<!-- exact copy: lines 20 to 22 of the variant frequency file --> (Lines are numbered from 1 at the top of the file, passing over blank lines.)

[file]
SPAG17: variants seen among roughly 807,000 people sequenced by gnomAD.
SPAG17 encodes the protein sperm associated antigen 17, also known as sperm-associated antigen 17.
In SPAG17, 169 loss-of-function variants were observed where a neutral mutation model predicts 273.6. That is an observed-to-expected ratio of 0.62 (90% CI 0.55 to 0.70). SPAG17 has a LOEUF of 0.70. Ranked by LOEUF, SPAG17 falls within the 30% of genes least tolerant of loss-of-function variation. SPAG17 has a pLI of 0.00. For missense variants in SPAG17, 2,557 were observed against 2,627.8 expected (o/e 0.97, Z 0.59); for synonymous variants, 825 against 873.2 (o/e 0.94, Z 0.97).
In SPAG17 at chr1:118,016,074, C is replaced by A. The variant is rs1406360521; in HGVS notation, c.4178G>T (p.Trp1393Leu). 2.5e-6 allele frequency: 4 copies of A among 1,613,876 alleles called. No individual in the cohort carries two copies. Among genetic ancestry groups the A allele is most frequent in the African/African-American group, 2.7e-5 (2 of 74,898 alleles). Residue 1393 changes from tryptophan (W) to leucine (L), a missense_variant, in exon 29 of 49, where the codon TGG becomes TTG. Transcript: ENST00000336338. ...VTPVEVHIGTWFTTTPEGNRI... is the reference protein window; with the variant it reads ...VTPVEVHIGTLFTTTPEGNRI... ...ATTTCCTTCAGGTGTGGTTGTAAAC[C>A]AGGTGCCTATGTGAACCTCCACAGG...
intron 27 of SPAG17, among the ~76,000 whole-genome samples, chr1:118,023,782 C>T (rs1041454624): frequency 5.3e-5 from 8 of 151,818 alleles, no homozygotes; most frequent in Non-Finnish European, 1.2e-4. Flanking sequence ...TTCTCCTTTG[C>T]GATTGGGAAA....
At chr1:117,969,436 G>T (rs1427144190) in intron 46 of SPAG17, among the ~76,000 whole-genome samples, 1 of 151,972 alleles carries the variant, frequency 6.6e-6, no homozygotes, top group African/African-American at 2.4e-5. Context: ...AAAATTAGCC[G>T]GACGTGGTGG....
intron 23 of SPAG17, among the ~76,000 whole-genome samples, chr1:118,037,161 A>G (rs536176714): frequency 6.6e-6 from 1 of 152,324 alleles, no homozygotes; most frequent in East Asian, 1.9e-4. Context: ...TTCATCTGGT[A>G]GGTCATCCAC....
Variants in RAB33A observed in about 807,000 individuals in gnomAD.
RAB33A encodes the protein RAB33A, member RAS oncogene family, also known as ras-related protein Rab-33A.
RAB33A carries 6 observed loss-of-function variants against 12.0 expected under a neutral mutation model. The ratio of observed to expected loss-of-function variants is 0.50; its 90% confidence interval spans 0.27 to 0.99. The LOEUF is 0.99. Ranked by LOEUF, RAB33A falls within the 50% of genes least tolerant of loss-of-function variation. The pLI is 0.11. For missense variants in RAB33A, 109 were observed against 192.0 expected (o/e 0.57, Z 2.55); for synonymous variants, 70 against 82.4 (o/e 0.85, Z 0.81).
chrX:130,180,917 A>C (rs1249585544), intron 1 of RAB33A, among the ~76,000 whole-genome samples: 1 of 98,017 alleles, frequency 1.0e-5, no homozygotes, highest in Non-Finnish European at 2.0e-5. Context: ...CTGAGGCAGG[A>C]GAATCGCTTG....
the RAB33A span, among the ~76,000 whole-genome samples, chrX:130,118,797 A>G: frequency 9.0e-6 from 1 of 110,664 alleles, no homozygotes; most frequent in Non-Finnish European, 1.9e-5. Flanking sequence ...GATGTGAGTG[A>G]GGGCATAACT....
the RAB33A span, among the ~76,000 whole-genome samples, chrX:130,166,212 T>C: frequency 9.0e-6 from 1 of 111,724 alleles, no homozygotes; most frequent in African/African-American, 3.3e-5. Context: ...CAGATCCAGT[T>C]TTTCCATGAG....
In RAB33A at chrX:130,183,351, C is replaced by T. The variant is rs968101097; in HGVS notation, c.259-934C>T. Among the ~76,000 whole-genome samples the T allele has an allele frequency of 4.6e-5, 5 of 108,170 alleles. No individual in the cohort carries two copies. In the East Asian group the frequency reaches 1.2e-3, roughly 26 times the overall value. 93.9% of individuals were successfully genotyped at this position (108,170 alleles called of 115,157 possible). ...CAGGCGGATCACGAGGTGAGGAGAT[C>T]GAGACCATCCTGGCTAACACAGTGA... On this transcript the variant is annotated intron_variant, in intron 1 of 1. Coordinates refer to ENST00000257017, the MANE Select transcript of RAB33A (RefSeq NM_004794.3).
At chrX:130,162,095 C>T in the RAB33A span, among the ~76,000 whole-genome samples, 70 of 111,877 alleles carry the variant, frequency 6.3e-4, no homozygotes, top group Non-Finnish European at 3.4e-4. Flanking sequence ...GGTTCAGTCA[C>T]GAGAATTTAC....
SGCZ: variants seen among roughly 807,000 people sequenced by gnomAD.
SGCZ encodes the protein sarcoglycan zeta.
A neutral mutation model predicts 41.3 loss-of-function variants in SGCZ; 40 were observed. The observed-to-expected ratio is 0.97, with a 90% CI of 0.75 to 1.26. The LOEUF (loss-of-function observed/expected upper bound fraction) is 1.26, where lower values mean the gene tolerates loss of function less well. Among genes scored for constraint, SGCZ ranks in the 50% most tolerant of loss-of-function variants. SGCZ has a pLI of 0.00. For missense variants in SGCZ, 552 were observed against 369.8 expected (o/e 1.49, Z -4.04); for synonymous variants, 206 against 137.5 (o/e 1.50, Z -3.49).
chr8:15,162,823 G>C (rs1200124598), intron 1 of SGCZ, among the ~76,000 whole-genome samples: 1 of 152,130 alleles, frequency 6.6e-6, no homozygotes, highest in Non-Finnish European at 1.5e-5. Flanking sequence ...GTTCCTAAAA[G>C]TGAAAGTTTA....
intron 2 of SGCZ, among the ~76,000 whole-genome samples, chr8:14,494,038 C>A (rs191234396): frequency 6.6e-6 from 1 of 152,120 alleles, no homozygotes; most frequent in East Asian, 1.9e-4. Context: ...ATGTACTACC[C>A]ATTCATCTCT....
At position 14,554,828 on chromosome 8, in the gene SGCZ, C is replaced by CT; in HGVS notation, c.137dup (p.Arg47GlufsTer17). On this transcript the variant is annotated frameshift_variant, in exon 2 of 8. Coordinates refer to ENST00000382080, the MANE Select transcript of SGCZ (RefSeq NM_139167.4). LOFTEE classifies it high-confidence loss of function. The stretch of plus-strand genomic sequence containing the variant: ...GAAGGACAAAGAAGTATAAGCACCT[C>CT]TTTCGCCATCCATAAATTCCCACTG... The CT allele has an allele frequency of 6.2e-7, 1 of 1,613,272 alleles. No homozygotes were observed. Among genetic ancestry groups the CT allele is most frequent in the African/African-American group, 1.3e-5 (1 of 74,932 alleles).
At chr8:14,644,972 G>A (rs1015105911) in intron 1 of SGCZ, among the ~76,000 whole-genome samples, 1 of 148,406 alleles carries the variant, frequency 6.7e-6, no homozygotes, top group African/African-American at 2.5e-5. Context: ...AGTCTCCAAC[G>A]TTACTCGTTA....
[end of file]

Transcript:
intron 2 of SGCZ, among the ~76,000 whole-genome samples, chr8:14,494,038 C>A (rs191234396): frequency 6.6e-6 from 1 of 152,120 alleles, no homozygotes; most frequent in East Asian, 1.9e-4. Context: ...ATGTACTACC[C>A]ATTCATCTCT....
At position 14,554,828 on chromosome 8, in the gene SGCZ, C is replaced by CT; in HGVS notation, c.137dup (p.Arg47GlufsTer17). On this transcript the variant is annotated frameshift_variant, in exon 2 of 8. Coordinates refer to ENST00000382080, the MANE Select transcript of SGCZ (RefSeq NM_139167.4). LOFTEE classifies it high-confidence loss of function. The stretch of plus-strand genomic sequence containing the variant: ...GAAGGACAAAGAAGTATAAGCACCT[C>CT]TTTCGCCATCCATAAATTCCCACTG... The CT allele has an allele frequency of 6.2e-7, 1 of 1,613,272 alleles. No homozygotes were observed. Among genetic ancestry groups the CT allele is most frequent in the African/African-American group, 1.3e-5 (1 of 74,932 alleles).
At chr8:14,644,972 G>A (rs1015105911) in intron 1 of SGCZ, among the ~76,000 whole-genome samples, 1 of 148,406 alleles carries the variant, frequency 6.7e-6, no homozygotes, top group African/African-American at 2.5e-5. Context: ...AGTCTCCAAC[G>A]TTACTCGTTA....